Leadership Lessons

by Carolyn Covey Morris

As president-elect of PRSA Dallas, I was excited to kick off 2014 with a panel of distinguished chief communications officers to discuss leadership lessons. The three panelists have great experience working with and for the C-Suite at top companies including American Airlines, Dr. Pepper Snapple Group, Easton-Bell Sports, Energy Future Holdings, Kimberly-Clark, RadioShack, and Zale. I was fortunate to serve as moderator for the discussion and wanted to share my notes as they provide such a rich perspective on upper management’s thinking and approach.

Tina Barry’s best advice she received:

  • Think less about what you want to say and more about what you want people to hear
  • Be kinder than you have to be to be the kind of leader others want to follow
  • Pursue financial communications to really understand the business and your industry

Lisa Singleton’s top learnings from crisis situations:

  • Conduct an environmental scan if time permits
  • Research on the front end, not just the back end
  • Test messages first, and drop those that don’t work
  • Make sure all parts of the corporation are in alignment, from the C-Suite, to legal and throughout the organization

Laura Moore’s top “ah-ha” moments:

  • Sometimes you have to go slow to go fast. It’s important to really understand where people are before you can move forward.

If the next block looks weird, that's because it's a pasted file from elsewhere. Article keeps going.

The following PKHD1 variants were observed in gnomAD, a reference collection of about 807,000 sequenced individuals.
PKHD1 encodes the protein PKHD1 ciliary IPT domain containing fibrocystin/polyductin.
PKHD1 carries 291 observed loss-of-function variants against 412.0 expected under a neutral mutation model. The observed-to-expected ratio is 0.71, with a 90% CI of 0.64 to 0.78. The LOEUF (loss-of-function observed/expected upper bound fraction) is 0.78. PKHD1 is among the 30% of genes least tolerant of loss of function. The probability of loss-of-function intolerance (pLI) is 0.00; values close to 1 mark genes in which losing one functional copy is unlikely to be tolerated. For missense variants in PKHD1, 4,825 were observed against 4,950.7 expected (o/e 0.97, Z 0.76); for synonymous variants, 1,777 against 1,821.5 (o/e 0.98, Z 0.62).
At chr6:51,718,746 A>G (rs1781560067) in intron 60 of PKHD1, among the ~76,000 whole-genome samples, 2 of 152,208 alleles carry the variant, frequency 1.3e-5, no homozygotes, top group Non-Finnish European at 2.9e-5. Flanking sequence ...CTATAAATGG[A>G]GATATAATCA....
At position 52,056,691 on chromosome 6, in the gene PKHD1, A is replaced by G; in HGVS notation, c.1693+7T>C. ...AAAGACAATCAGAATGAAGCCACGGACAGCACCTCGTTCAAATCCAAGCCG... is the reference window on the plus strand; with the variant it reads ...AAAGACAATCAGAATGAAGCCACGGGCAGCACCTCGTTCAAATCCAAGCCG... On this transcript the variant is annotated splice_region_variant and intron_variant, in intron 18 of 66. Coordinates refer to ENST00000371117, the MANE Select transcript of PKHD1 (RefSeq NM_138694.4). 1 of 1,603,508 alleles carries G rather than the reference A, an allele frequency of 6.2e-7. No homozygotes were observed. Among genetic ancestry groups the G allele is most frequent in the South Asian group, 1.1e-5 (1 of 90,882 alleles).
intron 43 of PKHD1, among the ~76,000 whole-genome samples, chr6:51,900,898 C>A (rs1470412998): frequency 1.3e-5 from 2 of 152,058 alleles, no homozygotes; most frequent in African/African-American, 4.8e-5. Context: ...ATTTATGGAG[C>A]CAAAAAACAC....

• Nothing rallies the troops like a good crisis. It’s easier to get people to think about change during a crisis.
  • “Business athletes” score more and win big. People are valued more when they can play above their position and have business acumen.
  • Say yes when you mean no. Be the solutions provider and help people figure out how to get done what they want done. You don’t always have to do the project yourself.

Some of my top learnings:

  • All relationships are a negotiation.
  • Be a continual learner and stay curious. Network and keep up with popular culture.
  • Base decisions on facts and data as much as you can. Confirm your instincts.
  • If you majored in PR or communications, make sure you also study business or a field related to your target industry.
  • Reputation is like coral. It takes years to develop, and can be destroyed in one storm.
  • You don’t have to explain what you don’t say.
  • Make sure actions pass the “red faced test.”
  • Employees are already your ambassadors. The question is whether they have the information and motivation to represent your brand the way you would want them to.
  • Doing nothing, or not deciding, is a decision.